After struggling with a drug and alcohol addiction, Bert has grown to become a better person and leave his dark past behind. He is now over four years clean and has a wife and a young daughter. Throughout his whole career, he has never hidden anything from public view. He has always allowed us to see his vulnerabilities, and through that he has taught me that it’s okay to make mistakes, because we are all human, and moving past them and learning from them is what matters.
Admiring Bert as a human idol, and not an unreachable celebrity, has allowed me to meet him a great number of times, and confirm that even in person his humanity remains intact. I thought I had seen and experienced everything that he had to offer, but I was far from right.
On the first Saturday of the month of October, just a little over a week ago, I experienced something that touched my heart and left me overwhelmed with emotions. The Used’s new album, The Canyon, is set to be released on October 27th, and as part of the promo for it, a listening party was held here in Melbourne at 24Hundred. The Canyon is an album that is undeniably very heavily emotionally weighted, as the main inspiration behind it was the recent suicide of one of Bert’s closest friends. During the listening party I found myself sitting on the floor, right in front of Bert, watching and listening as he spoke about the album and introduced each song with an explanation.
It was not just an explanation that I witnessed. The amount of emotional strain that clung to him as he spoke could be felt by everyone in the room, and I watched as the person I admired most in the world sat before me and proceeded to open up his heart to a group of strangers in front of him. He spoke to us about his friend’s suicide, he spoke to us about his past family life and how hard it had been to be raised in an overly-religious, Mormon household. He told us about his struggle with depression, and about his own contemplation of suicide after finding out that his friend had shot himself. More than once I witnessed his voice cracking, his hands shaking and his eyes watering. At one point he even glanced down, made eye contact with me as he held up his arms and mouthed the words “I’ve got goosebumps.”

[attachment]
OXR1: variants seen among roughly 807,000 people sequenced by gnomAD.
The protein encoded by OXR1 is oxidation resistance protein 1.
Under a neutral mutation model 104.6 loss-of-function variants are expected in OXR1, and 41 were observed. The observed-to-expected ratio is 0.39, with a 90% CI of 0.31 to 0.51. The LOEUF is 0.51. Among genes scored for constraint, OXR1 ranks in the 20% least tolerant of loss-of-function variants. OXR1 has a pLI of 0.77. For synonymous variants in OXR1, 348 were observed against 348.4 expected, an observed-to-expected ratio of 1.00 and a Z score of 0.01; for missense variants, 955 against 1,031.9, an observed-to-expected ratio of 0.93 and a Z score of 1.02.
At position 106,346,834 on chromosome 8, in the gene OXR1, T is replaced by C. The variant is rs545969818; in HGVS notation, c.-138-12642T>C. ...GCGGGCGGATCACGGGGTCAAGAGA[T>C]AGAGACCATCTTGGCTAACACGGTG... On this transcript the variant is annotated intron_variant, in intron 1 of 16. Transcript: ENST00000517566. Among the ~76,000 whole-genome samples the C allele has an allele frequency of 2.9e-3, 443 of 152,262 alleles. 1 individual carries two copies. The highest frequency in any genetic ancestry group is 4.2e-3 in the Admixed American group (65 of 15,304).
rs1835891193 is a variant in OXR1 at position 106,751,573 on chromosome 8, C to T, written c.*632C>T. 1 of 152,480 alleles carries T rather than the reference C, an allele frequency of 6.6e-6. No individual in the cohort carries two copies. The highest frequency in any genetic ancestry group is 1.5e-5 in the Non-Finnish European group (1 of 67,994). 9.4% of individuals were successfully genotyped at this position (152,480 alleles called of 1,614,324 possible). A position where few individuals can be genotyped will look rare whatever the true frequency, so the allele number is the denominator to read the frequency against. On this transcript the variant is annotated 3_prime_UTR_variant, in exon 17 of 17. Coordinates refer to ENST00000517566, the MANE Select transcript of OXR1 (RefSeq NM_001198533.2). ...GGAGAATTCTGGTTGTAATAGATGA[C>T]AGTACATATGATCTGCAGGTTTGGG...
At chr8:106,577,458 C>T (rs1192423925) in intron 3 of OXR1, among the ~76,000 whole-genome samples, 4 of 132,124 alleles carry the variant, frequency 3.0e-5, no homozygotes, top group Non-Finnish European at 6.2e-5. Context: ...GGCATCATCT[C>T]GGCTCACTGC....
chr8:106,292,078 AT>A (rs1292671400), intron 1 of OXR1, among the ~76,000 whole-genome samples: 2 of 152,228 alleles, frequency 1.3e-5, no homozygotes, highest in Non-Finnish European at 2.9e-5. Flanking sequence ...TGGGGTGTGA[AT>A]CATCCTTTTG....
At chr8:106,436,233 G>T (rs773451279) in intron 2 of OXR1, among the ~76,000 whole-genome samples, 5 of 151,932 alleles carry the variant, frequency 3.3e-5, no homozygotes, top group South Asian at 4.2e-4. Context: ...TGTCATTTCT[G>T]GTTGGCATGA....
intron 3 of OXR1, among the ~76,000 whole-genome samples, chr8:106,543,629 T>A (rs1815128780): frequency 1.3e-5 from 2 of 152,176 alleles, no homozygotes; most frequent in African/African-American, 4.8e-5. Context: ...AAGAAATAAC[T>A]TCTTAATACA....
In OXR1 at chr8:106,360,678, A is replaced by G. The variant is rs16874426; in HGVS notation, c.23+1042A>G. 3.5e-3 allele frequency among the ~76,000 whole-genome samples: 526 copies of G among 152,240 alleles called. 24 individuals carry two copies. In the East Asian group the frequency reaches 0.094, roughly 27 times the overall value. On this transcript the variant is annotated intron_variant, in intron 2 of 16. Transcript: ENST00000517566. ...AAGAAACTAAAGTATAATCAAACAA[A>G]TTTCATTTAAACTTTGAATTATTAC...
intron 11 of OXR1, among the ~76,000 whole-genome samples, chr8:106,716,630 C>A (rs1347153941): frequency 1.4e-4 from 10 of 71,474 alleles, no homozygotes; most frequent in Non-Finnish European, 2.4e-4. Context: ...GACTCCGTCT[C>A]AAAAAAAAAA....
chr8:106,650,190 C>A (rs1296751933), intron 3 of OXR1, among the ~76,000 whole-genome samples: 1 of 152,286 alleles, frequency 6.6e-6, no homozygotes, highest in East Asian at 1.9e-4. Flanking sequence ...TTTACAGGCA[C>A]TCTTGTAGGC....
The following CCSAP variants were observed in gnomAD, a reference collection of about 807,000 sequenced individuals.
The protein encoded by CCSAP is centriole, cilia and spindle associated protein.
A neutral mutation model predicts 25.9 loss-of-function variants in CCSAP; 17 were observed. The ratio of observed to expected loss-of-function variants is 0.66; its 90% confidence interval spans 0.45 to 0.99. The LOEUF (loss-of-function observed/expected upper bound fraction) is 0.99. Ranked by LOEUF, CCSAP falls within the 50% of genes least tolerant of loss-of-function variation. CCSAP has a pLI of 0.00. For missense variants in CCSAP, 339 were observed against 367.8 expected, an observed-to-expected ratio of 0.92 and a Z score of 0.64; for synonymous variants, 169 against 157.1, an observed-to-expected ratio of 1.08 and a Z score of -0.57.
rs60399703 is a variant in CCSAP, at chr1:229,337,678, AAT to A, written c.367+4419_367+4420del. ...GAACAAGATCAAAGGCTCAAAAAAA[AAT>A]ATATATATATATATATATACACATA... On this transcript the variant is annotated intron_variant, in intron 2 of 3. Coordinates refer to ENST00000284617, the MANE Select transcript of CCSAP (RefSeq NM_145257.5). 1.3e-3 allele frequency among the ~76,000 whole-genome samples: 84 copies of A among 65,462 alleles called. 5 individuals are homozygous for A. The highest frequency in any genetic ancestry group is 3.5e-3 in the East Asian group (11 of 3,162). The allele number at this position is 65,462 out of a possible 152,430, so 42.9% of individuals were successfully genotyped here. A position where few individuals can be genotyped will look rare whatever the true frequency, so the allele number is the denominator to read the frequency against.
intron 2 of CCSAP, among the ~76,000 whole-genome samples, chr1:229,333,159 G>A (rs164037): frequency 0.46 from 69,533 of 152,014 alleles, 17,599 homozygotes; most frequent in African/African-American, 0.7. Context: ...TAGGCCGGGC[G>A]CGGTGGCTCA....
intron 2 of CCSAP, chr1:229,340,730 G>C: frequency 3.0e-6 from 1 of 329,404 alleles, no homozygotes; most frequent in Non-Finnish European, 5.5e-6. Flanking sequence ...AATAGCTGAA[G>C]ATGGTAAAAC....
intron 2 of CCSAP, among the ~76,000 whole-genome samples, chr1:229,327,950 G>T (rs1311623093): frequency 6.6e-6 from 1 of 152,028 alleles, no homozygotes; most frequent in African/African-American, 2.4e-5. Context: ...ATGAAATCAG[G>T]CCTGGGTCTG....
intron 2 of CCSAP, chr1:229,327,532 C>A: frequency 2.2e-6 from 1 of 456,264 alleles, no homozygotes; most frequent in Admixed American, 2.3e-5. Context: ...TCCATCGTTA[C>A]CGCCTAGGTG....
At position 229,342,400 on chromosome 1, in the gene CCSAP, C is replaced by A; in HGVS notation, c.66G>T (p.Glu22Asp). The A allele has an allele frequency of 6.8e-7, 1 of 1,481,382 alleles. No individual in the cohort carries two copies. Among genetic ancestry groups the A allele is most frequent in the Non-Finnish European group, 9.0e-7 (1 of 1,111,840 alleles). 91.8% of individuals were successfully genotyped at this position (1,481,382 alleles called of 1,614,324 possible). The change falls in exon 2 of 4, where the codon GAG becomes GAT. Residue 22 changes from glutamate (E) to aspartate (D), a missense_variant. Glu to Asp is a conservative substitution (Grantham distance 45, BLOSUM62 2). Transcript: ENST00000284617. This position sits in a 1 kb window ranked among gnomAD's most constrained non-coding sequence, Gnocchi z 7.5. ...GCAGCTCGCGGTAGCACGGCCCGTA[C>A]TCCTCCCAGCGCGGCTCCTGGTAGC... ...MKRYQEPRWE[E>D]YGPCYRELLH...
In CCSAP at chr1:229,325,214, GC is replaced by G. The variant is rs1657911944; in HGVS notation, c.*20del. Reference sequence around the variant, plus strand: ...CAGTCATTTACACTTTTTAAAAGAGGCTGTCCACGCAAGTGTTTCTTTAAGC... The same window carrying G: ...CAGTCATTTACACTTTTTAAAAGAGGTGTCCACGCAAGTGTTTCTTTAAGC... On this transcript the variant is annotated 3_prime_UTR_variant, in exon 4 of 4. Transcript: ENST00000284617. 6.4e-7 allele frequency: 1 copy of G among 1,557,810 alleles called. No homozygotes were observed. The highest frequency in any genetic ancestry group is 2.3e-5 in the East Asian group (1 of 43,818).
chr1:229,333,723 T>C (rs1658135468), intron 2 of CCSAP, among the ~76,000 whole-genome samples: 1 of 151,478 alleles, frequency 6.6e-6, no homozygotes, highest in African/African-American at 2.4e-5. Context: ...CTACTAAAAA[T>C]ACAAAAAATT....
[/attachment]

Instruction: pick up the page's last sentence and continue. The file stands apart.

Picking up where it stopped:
There were a lot of tears shed that day, many coming from myself, but although the conversation had been a very emotional one, getting to listen to such an intense and intimate story being told by my idol is something that I will always treasure. Not only were we the first people in the world who had the privilege of listening to such a heavily cathartic and emotionally fueled album, but we had the chance to do so with Bert in the room.
It was such an intimate experience that rarely anyone will be able to have with their idol, and for that, I feel incredibly lucky and grateful. I may be a hopeless dreamer with aspirations too big for myself, but knowing that the person I admire most is not out of reach is something that continually gives me faith in myself, and makes me feel just a little more capable of achieving anything I set my mind to, even all my wildest ambitions.
Unreachable stars are the biggest dream killer, since fans cannot relate to their idol’s mundaneness, and therefore are stuck believing that they can and will never be like them. I am fortunate to admire someone who has, in more than one occasion, treated me like an equal. Someone who has taught me that everything that I praise him for, I can do and be too. I am fortunate to have found a man like Bert McCracken to idolize. I only wish that more people could find someone just like him who will allow them to believe that you can be your own idol.
The Canyon is out on October 27 via Hopeless Records.